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How to Get Rid of Pantry Moths: Kitchen Pest Control Made Easy


home popover02There’s no better appetite suppressant than a kitchen full of pantry moths. Also known as Indian mealmoths, these little critters—both the brown moths and their larvae—can easily sneak in through an infested box of cereal.

So what can you do to kick them out, pronto? Check out these steps for getting rid of pantry moths and keeping them from flitting back in.

Step No. 1: Know how they got in

For starters, don’t beat yourself up: Pantry moths aren’t a sign that you’ve gotten lax on housecleaning.

“They’re most often brought in by some kind of food product that they eat,” explains Ron Harrison, an entomologist for pest control service Orkin.

Pantry moth larvae particularly like munching on birdseed, flour, cereal, and other grains, but they’ve also been found on more exotic snacks like dried fruit and chocolate. If you live in an apartment or other close quarters, it’s also possible that they found their way in from a neighbor’s shelf.

Step No. 2: Read the fine print on ‘moth traps’

Plenty of products you buy at home supply or hardware stores promise to eradicate pantry moths without toxic chemicals. Before you try one, read the ingredients carefully. Some use pheromones (chemical attractants) “which have no impact on the worms,,” Harrison says. And if the pheromones attract only male moths, that won’t help you either, because it’s the female moths which breed like crazy.

In short, these moth traps “will tell you that you have a problem, but aren’t very good at controlling it,” Harrison says. To find one that is actually helpful, look for a product that offers “mate disrupting pheromone.” This confuses the male moths so they don’t mate at all.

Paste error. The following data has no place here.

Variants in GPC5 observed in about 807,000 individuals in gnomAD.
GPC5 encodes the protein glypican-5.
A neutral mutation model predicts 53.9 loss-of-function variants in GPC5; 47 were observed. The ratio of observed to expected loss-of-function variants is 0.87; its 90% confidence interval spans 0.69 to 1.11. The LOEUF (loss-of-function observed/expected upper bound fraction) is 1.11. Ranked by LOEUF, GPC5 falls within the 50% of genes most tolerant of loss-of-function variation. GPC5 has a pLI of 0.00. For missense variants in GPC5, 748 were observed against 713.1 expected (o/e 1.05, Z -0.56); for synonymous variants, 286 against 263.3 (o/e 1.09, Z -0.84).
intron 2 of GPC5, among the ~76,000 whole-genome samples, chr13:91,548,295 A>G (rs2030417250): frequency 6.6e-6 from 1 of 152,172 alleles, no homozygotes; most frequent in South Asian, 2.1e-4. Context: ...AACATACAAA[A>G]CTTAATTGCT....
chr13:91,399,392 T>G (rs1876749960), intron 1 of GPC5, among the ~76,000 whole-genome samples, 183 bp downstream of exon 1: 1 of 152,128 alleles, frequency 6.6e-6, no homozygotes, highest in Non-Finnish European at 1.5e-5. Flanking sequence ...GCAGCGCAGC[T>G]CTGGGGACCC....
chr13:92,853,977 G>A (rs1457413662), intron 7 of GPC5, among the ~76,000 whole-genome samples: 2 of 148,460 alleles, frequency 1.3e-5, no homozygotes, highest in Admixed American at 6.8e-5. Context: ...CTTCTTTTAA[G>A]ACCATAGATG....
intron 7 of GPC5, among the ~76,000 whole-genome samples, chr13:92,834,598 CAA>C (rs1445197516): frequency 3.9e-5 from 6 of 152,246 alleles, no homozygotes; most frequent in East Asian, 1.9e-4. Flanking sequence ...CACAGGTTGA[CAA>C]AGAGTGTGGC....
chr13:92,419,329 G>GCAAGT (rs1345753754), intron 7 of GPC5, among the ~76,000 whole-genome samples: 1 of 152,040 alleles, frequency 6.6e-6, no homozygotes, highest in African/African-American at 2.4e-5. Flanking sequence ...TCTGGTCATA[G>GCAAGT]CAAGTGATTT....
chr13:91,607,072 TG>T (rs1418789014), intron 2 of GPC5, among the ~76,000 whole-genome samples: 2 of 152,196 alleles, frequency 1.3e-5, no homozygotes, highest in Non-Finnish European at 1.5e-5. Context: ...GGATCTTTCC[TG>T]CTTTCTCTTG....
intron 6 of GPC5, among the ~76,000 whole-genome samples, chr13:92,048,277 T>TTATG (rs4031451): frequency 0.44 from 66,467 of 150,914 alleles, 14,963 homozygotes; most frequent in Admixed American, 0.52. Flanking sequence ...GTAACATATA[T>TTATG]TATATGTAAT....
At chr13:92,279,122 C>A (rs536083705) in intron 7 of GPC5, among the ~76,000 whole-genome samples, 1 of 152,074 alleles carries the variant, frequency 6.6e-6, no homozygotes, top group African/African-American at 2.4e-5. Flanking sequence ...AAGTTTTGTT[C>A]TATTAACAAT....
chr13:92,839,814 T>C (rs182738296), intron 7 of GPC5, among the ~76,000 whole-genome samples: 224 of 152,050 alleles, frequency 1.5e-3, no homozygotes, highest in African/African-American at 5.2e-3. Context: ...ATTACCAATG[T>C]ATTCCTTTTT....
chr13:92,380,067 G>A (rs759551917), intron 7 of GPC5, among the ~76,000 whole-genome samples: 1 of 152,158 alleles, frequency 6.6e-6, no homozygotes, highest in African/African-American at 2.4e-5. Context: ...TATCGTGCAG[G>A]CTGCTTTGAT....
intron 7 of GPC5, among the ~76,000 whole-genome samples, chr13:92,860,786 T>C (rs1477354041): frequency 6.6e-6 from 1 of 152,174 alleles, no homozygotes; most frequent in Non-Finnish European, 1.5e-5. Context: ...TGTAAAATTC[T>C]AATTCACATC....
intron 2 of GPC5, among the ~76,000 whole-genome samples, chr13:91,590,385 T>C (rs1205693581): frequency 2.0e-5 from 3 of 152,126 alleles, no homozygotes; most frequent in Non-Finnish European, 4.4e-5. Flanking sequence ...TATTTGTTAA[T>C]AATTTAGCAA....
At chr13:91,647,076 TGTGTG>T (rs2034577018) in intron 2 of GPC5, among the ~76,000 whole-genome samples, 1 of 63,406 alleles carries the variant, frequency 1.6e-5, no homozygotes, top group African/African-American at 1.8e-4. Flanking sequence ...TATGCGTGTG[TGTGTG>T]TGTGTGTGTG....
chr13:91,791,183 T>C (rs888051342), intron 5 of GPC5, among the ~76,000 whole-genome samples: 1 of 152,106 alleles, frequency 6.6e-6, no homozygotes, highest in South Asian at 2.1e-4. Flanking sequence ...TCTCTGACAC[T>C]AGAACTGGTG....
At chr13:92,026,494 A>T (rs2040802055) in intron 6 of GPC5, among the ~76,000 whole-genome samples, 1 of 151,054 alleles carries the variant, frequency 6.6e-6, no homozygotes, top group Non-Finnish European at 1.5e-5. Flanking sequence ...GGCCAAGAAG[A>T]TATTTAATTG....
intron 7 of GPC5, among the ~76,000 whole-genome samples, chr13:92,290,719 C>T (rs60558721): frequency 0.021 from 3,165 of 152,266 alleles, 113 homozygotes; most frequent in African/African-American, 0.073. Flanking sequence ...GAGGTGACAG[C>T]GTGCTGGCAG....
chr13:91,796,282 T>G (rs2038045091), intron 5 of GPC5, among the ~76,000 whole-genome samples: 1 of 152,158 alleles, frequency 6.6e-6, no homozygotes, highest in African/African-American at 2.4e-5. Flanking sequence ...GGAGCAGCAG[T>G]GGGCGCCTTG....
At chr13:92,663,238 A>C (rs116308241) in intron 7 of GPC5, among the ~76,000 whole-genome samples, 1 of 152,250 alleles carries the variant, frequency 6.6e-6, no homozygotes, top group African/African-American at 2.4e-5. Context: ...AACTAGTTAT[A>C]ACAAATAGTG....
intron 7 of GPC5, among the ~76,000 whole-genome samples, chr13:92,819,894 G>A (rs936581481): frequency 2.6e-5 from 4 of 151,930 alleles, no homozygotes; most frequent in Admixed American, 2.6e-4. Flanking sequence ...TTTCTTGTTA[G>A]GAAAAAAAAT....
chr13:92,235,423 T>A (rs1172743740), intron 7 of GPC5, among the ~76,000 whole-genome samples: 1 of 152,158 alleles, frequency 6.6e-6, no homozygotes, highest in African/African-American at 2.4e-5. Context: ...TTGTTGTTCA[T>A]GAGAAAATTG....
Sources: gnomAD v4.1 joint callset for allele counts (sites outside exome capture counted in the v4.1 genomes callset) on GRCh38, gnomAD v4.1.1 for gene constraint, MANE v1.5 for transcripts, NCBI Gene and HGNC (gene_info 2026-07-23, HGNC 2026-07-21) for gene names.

Step No. 3: Find the source

To get rid of pantry moths, you’ll have to find the food that brought them into your house and throw it out, ASAP.  Time is of the essence, because the larvae can chew through cardboard and quickly infiltrate other boxes. So pour some of each box out and see if anything moves (gross, but that’s the drill). The larvae are small (two-thirds of an inch long at their largest) and white and have black or brown heads.

When in doubt, consider throwing out anything in a cardboard or paper container, says Leslie Reichert, the author of “The Joy of Green Cleaning.” Or, if there’s anything you prefer to keep, put it in the freezer. “This will kill the larvae should there be any you missed,” Reichert says. (Of course, then you could end up eating them, but at least they won’t proliferate.)

Step No. 4: Clean like crazy

Simply taking everything off your kitchen shelves and scrubbing isn’t enough.

“All shelves need to be washed with white vinegar, and the pantry walls should be washed as well,” Reichert advises. Pay particular attention to small cracks in the walls or corners containing cocoons or webbing.

Step No. 5: Seal up the goods

Once you’ve cleaned everything and placed your food back in, Harrison recommends storing things in sealed containers. “It’s a pain,” he acknowledges, “but that will ensure you’ve gotten rid of the moths for good.”

If you try everything on this list and still feel like your pantry is overrun, it’s not necessarily time to declare defeat. But you may want to think about calling in a pest control service. Go to to find an exterminator near you.